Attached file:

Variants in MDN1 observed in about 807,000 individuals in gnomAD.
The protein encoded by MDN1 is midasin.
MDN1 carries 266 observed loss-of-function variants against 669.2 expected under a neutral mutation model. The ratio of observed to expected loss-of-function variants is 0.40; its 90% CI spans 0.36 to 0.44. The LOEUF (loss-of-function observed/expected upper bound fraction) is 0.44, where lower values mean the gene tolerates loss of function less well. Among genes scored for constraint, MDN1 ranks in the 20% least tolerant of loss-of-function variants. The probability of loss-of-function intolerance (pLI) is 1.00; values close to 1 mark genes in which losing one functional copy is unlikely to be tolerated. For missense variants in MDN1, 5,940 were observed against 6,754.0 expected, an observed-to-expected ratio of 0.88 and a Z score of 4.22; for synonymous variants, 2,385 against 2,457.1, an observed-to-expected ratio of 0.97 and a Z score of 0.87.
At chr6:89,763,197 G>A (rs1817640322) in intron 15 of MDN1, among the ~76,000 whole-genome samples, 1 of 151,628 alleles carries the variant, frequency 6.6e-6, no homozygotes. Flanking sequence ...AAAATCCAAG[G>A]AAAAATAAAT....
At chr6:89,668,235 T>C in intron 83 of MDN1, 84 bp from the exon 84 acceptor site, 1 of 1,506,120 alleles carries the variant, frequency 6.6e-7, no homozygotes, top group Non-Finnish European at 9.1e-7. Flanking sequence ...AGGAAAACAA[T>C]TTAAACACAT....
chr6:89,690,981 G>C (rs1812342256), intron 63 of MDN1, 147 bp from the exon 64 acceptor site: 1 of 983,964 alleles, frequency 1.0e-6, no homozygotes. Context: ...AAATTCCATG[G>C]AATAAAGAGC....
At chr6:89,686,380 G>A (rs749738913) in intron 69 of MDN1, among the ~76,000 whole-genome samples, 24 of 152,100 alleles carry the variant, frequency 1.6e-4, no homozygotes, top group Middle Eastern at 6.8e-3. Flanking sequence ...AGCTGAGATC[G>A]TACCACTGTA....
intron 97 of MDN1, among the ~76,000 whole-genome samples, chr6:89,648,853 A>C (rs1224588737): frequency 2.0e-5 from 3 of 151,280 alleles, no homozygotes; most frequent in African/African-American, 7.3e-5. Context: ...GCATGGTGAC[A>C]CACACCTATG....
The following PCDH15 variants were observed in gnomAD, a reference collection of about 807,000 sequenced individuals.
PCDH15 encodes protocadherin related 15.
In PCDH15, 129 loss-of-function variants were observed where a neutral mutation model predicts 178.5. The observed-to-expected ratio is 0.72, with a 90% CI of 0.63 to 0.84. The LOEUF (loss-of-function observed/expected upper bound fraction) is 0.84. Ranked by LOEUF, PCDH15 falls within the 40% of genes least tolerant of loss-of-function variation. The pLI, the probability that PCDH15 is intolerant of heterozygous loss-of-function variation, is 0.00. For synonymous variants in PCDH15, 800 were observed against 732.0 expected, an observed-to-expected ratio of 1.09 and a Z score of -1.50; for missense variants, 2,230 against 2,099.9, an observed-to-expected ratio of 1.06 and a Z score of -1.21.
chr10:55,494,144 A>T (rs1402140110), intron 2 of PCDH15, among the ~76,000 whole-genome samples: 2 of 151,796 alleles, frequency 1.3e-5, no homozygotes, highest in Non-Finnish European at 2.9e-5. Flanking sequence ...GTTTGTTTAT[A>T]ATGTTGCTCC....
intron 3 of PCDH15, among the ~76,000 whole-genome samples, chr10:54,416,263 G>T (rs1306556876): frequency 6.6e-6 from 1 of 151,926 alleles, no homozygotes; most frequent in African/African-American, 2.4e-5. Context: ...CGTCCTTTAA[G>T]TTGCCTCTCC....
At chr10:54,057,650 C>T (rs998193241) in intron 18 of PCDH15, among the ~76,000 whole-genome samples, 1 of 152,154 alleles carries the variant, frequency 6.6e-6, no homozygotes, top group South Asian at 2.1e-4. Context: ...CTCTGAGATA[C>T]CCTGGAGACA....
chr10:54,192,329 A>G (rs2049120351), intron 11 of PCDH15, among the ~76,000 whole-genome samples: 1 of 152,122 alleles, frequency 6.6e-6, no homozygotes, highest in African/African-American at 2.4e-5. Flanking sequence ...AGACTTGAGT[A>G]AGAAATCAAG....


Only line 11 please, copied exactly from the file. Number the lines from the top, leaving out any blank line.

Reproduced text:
In PCDH15, 129 loss-of-function variants were observed where a neutral mutation model predicts 178.5. The observed-to-expected ratio is 0.72, with a 90% CI of 0.63 to 0.84. The LOEUF (loss-of-function observed/expected upper bound fraction) is 0.84. Ranked by LOEUF, PCDH15 falls within the 40% of genes least tolerant of loss-of-function variation. The pLI, the probability that PCDH15 is intolerant of heterozygous loss-of-function variation, is 0.00. For synonymous variants in PCDH15, 800 were observed against 732.0 expected, an observed-to-expected ratio of 1.09 and a Z score of -1.50; for missense variants, 2,230 against 2,099.9, an observed-to-expected ratio of 1.06 and a Z score of -1.21.